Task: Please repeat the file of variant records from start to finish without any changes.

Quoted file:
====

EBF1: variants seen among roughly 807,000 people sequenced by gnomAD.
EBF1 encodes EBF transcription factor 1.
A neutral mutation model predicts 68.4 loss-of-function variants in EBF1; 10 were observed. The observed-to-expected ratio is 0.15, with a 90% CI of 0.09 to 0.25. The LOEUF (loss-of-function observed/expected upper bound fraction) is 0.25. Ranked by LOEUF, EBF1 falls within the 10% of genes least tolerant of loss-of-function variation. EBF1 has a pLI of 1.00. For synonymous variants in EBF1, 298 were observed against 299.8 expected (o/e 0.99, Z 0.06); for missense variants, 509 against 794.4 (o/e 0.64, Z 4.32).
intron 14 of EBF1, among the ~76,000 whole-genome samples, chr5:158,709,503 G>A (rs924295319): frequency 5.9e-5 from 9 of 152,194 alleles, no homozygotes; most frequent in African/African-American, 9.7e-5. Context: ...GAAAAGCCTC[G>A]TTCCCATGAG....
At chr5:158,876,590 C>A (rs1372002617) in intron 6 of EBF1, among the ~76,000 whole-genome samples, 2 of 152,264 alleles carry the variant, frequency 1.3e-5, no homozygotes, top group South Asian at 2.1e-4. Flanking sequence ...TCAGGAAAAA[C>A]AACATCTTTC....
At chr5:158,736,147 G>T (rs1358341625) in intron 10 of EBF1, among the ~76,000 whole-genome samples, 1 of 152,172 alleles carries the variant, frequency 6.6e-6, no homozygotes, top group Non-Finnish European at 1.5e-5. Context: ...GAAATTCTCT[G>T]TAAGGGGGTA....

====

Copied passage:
EBF1: variants seen among roughly 807,000 people sequenced by gnomAD.
EBF1 encodes EBF transcription factor 1.
A neutral mutation model predicts 68.4 loss-of-function variants in EBF1; 10 were observed. The observed-to-expected ratio is 0.15, with a 90% CI of 0.09 to 0.25. The LOEUF (loss-of-function observed/expected upper bound fraction) is 0.25. Ranked by LOEUF, EBF1 falls within the 10% of genes least tolerant of loss-of-function variation. EBF1 has a pLI of 1.00. For synonymous variants in EBF1, 298 were observed against 299.8 expected (o/e 0.99, Z 0.06); for missense variants, 509 against 794.4 (o/e 0.64, Z 4.32).
intron 14 of EBF1, among the ~76,000 whole-genome samples, chr5:158,709,503 G>A (rs924295319): frequency 5.9e-5 from 9 of 152,194 alleles, no homozygotes; most frequent in African/African-American, 9.7e-5. Context: ...GAAAAGCCTC[G>A]TTCCCATGAG....
At chr5:158,876,590 C>A (rs1372002617) in intron 6 of EBF1, among the ~76,000 whole-genome samples, 2 of 152,264 alleles carry the variant, frequency 1.3e-5, no homozygotes, top group South Asian at 2.1e-4. Flanking sequence ...TCAGGAAAAA[C>A]AACATCTTTC....
At chr5:158,736,147 G>T (rs1358341625) in intron 10 of EBF1, among the ~76,000 whole-genome samples, 1 of 152,172 alleles carries the variant, frequency 6.6e-6, no homozygotes, top group Non-Finnish European at 1.5e-5. Context: ...GAAATTCTCT[G>T]TAAGGGGGTA....